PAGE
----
Hunting and Outfitter Guide Sentenced for Illegally Killing and Transporting Wildlife
For Immediate Release
March 11, 2015
DENVER--Assistant hunting outfitter and guide Nicholaus Rodgers, was sentenced to 6 months home confinement, a $5,000 fine, 50 hours of community service and 3 years' probation for conspiring to violate the Lacey Act, a federal wildlife protection law. During his probation he is prohibited from hunting or fishing. Rodgers, worked as an assistant hunting guide for Loncarich Guides and Outfitters. The conspiracy involved felony interstate transportation and sale of unlawfully taken wildlife, and felony creation of false records concerning wildlife that was sold in interstate commerce. The sentence was the result of a joint investigation by Colorado Parks and Wildlife, the Utah Division of Wildlife Resources, and the U.S. Fish and Wildlife Service.
On January 7, 2014, a Grand Jury in the District of Colorado returned a 17-count indictment charging Rodgers and Christopher Loncarich, Rodgers’ employer, with illegally capturing and maiming mountain lions and bobcats in order to make taking the cats easier for paying clients. Loncarich was a big game outfitter and hunting guide who owned Loncarich Guides and Outfitters and operated primarily in west central Colorado on the border with Utah. Loncarich outfitted and guided mountain lion and bobcat hunts in the rugged Bookcliffs Mountains, which span the Colorado-Utah border north and west of Grand Junction, Colorado. The investigation uncovered approximately 18 clients, since 2004, who had taken part in the illegal killing of more than 30 mountain lions and bobcats.
Ron Velarde, Northwest Regional Manager for Colorado Parks and Wildlife, said "This is easily among the worst cases of illegal taking and poaching of wildlife I have seen in my 40-plus years in wildlife management."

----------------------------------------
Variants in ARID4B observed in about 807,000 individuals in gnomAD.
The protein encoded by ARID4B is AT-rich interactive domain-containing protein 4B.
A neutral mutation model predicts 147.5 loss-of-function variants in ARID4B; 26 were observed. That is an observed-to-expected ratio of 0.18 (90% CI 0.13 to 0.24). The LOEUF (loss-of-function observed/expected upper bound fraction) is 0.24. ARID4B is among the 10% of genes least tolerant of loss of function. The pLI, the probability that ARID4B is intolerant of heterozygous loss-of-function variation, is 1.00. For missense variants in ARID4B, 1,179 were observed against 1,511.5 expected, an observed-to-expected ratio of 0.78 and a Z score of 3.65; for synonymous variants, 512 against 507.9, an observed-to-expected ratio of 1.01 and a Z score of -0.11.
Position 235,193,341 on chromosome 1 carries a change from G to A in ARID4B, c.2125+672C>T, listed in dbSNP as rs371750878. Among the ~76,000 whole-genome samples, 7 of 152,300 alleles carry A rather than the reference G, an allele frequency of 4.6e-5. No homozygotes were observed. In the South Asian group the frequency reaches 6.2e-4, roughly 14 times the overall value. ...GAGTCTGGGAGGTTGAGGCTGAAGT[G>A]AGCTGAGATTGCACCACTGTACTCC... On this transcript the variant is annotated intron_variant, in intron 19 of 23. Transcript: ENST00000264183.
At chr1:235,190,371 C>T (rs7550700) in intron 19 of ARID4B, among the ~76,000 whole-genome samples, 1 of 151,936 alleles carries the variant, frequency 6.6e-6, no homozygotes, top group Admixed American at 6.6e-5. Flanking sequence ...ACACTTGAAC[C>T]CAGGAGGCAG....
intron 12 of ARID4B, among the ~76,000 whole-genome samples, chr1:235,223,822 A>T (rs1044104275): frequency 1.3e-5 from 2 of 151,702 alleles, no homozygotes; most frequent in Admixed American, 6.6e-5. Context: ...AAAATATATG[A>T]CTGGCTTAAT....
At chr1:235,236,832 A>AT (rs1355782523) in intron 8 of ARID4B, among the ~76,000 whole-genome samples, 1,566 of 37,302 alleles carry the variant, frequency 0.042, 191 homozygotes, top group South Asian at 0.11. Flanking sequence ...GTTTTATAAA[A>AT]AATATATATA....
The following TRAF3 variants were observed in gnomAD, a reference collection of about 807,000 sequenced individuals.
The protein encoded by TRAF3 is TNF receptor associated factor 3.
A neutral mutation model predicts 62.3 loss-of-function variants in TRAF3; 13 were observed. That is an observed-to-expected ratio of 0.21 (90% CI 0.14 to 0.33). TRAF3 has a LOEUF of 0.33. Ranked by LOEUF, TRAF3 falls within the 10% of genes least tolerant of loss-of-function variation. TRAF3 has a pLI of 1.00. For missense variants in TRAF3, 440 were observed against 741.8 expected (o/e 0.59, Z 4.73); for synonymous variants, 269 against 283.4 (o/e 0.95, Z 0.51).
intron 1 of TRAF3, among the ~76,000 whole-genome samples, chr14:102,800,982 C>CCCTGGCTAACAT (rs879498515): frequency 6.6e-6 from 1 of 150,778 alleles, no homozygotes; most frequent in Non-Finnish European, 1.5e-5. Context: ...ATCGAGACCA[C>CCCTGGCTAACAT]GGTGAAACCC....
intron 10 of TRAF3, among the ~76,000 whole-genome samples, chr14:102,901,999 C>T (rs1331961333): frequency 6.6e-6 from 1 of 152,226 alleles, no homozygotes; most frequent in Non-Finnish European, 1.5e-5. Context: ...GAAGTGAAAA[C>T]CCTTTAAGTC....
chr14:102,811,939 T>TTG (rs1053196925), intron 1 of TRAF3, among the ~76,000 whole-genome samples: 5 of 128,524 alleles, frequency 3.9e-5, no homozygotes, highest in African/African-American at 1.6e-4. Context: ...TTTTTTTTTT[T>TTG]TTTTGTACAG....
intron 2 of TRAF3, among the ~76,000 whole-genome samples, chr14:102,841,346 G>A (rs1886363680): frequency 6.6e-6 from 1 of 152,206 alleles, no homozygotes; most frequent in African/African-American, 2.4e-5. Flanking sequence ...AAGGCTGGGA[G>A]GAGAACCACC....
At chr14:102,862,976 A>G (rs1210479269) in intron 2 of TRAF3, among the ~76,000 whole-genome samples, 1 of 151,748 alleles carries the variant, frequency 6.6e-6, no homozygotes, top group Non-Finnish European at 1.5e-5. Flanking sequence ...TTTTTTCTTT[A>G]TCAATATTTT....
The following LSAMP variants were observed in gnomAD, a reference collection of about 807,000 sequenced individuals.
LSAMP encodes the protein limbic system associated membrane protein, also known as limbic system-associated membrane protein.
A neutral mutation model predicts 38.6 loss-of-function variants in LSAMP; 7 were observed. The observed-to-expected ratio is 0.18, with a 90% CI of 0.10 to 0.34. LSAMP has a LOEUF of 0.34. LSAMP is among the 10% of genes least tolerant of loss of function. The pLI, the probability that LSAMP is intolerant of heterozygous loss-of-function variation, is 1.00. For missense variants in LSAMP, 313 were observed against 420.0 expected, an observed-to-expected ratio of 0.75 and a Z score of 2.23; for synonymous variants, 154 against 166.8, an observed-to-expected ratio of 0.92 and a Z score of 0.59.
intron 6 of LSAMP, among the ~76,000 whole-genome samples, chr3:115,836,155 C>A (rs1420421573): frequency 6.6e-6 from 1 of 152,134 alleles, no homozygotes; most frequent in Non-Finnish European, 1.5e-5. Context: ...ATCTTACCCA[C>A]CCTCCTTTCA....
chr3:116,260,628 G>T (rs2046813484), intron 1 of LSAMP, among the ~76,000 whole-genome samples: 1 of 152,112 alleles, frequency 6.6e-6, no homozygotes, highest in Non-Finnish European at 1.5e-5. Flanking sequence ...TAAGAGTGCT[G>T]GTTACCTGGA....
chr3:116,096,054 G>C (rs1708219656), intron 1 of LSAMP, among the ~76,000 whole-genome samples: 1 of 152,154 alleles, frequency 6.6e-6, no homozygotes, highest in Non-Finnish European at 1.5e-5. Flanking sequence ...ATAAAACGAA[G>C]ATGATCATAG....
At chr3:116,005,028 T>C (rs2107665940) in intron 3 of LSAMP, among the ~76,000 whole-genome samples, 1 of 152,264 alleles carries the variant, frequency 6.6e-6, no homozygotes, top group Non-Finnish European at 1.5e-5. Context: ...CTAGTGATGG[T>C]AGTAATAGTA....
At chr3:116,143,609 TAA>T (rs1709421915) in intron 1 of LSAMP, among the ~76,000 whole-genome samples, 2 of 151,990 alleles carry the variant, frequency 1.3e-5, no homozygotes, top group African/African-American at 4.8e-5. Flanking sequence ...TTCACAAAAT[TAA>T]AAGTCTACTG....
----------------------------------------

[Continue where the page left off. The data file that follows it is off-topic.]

Rodgers, Loncarich, and other assistants committed numerous state and federal violations during the 2007 to 2010 hunting seasons. The group devised a scheme in which mountain lions and bobcats would be located prior to a client’s arrival and then “hindered" or “shortened up" to make it easier and quicker for their clients to kill the animals when they arrived. Methods of "shortening" the illegal take included trapping and holding the cats in cages prior to the arrival of the client and then releasing the animals when the client was present, as well as shooting the cats in the paws, stomach, and/or legs or attaching leg-hold traps to them prior to the client arriving on scene. In addition, many of Loncarich’s clients did not have the required tags or licenses to take mountain lions or bobcats in Utah, completing federal violations when unlawfully killed cats were transported across state lines. Rodgers, Loncarich, and the other guides often worked to sneak the animals unlawfully taken in Utah across the state line into Colorado, and frequently communicated via radio using coded language in an attempt to evade law enforcement officers. After a kill, Loncarich often took the client to “check in" the illegally taken mountain lions with Colorado wildlife officials where Loncarich would provide false information to obtain seals for the hides. Many of the cats were then transported back to the client’s home state. Clients paid Loncarich up to $7,500 for each mountain lion “hunt" and Loncarich would then share the proceeds with his assistant guides. Rodgers admitted to personally assisting clients in unlawfully killing 11 mountain lions and 5 bobcats during the course of the conspiracy.